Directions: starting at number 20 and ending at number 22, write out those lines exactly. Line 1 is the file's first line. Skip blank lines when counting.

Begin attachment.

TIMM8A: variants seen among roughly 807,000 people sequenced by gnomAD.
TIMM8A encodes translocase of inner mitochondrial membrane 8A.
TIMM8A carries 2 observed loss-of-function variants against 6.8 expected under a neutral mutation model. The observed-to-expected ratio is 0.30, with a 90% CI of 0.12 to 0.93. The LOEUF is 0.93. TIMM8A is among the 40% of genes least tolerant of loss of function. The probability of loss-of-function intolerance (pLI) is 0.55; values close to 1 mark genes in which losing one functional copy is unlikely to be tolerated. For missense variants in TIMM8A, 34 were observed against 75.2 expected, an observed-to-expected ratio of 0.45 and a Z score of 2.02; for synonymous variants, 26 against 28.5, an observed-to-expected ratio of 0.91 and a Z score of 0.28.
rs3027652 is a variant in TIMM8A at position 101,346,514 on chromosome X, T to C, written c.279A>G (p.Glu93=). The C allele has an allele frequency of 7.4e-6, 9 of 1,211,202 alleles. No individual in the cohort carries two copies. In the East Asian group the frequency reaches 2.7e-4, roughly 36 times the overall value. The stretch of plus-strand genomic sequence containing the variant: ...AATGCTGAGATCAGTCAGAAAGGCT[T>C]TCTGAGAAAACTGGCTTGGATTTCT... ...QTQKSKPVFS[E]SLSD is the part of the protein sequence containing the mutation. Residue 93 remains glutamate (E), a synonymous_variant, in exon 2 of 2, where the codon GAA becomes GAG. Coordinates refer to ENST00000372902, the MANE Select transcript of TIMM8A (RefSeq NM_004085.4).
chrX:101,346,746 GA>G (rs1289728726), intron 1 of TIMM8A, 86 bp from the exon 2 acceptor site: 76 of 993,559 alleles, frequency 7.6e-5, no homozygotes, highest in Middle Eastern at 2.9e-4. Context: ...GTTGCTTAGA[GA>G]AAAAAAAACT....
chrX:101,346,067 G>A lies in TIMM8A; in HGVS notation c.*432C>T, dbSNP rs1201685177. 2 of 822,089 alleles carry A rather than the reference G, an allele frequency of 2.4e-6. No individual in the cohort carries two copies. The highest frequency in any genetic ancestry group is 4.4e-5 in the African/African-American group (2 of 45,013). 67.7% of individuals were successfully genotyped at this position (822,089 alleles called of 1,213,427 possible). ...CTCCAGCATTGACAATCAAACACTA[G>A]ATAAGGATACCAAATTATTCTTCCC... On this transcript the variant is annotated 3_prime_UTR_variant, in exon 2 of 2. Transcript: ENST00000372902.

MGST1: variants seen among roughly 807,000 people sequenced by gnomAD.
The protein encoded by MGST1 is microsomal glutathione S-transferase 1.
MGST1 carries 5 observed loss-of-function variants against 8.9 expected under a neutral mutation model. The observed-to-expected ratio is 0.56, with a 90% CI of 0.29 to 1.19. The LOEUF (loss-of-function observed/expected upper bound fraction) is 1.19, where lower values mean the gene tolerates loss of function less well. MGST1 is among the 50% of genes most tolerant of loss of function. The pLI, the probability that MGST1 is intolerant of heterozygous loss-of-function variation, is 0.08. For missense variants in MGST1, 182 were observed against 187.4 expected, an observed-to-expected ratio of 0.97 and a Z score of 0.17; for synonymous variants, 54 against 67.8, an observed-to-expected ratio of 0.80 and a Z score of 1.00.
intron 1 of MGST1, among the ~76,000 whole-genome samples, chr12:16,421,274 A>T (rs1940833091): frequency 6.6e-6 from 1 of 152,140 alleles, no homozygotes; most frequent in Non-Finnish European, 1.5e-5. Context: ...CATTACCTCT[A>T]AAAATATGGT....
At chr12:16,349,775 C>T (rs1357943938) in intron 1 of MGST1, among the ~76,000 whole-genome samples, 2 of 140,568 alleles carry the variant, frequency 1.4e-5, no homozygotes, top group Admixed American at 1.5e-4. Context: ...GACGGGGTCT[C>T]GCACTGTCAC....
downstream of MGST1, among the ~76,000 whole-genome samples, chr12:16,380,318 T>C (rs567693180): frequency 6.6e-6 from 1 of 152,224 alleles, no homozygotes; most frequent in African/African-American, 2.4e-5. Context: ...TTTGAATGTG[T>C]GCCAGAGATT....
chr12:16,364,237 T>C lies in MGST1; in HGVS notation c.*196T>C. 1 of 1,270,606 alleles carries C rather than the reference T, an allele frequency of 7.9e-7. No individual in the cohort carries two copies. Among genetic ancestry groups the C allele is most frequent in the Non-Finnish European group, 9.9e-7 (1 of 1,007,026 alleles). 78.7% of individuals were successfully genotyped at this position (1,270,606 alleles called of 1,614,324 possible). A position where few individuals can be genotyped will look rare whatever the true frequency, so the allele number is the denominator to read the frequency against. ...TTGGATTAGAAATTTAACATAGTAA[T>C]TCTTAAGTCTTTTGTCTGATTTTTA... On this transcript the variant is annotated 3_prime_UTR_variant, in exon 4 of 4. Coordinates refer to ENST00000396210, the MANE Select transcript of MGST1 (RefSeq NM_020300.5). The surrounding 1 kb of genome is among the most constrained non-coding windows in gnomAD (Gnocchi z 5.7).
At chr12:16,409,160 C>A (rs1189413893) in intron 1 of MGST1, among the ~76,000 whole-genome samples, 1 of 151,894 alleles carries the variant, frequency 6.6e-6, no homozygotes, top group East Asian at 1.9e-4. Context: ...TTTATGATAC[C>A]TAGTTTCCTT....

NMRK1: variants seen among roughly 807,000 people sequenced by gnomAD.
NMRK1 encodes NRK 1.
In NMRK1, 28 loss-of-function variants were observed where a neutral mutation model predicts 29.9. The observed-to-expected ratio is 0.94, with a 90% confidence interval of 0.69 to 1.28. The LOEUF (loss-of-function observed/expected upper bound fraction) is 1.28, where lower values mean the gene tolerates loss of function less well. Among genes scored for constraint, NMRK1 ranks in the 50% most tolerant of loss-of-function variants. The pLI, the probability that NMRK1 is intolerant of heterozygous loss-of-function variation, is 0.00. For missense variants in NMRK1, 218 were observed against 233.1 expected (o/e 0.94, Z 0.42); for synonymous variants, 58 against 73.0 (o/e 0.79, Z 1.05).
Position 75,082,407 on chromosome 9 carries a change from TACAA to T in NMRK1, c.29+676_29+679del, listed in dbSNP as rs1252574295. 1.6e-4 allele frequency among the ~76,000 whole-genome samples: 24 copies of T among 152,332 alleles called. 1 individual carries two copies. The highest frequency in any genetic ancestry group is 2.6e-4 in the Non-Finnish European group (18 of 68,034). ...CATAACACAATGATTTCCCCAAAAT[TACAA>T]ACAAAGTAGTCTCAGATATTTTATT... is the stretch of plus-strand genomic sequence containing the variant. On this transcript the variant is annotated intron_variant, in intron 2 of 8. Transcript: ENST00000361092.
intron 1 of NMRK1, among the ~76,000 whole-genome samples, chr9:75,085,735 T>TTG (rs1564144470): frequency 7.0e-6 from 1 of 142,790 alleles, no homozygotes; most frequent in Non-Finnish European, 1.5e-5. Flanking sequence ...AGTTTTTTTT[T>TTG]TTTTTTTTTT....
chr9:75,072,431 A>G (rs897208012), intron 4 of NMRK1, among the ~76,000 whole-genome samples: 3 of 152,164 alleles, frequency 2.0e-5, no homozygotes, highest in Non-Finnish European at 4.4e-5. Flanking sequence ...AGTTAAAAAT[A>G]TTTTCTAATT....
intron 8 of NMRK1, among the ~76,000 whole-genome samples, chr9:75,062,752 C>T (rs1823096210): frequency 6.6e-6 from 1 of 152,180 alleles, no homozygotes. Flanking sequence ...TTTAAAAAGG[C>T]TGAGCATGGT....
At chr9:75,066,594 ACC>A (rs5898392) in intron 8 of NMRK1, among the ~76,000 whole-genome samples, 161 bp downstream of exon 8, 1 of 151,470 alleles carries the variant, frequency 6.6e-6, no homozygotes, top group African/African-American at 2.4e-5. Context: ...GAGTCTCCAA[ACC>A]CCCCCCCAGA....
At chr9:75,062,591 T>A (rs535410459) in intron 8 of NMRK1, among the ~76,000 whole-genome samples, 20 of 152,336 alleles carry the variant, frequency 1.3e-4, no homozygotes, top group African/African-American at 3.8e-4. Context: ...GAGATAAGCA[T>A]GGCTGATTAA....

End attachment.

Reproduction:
chr9:75,072,431 A>G (rs897208012), intron 4 of NMRK1, among the ~76,000 whole-genome samples: 3 of 152,164 alleles, frequency 2.0e-5, no homozygotes, highest in Non-Finnish European at 4.4e-5. Flanking sequence ...AGTTAAAAAT[A>G]TTTTCTAATT....
intron 8 of NMRK1, among the ~76,000 whole-genome samples, chr9:75,062,752 C>T (rs1823096210): frequency 6.6e-6 from 1 of 152,180 alleles, no homozygotes. Flanking sequence ...TTTAAAAAGG[C>T]TGAGCATGGT....
At chr9:75,066,594 ACC>A (rs5898392) in intron 8 of NMRK1, among the ~76,000 whole-genome samples, 161 bp downstream of exon 8, 1 of 151,470 alleles carries the variant, frequency 6.6e-6, no homozygotes, top group African/African-American at 2.4e-5. Context: ...GAGTCTCCAA[ACC>A]CCCCCCCAGA....